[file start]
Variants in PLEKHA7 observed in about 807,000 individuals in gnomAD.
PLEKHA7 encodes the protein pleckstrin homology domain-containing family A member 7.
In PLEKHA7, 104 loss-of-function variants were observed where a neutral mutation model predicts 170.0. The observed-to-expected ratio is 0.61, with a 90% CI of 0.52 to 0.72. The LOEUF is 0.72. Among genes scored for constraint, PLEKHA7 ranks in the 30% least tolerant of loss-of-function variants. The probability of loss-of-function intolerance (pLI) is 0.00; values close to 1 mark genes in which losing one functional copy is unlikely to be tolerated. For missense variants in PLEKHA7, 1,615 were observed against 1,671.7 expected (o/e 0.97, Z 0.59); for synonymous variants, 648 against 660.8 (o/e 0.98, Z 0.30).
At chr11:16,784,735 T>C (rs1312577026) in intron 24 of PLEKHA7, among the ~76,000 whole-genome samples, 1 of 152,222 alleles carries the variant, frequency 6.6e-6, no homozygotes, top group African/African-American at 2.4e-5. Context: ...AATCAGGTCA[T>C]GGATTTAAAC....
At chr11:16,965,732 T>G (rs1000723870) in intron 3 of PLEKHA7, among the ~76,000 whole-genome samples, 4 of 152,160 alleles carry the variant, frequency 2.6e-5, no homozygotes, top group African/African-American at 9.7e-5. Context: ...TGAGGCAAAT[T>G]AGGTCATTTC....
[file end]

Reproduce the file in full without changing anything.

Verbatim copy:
Variants in PLEKHA7 observed in about 807,000 individuals in gnomAD.
PLEKHA7 encodes the protein pleckstrin homology domain-containing family A member 7.
In PLEKHA7, 104 loss-of-function variants were observed where a neutral mutation model predicts 170.0. The observed-to-expected ratio is 0.61, with a 90% CI of 0.52 to 0.72. The LOEUF is 0.72. Among genes scored for constraint, PLEKHA7 ranks in the 30% least tolerant of loss-of-function variants. The probability of loss-of-function intolerance (pLI) is 0.00; values close to 1 mark genes in which losing one functional copy is unlikely to be tolerated. For missense variants in PLEKHA7, 1,615 were observed against 1,671.7 expected (o/e 0.97, Z 0.59); for synonymous variants, 648 against 660.8 (o/e 0.98, Z 0.30).
At chr11:16,784,735 T>C (rs1312577026) in intron 24 of PLEKHA7, among the ~76,000 whole-genome samples, 1 of 152,222 alleles carries the variant, frequency 6.6e-6, no homozygotes, top group African/African-American at 2.4e-5. Context: ...AATCAGGTCA[T>C]GGATTTAAAC....
At chr11:16,965,732 T>G (rs1000723870) in intron 3 of PLEKHA7, among the ~76,000 whole-genome samples, 4 of 152,160 alleles carry the variant, frequency 2.6e-5, no homozygotes, top group African/African-American at 9.7e-5. Context: ...TGAGGCAAAT[T>G]AGGTCATTTC....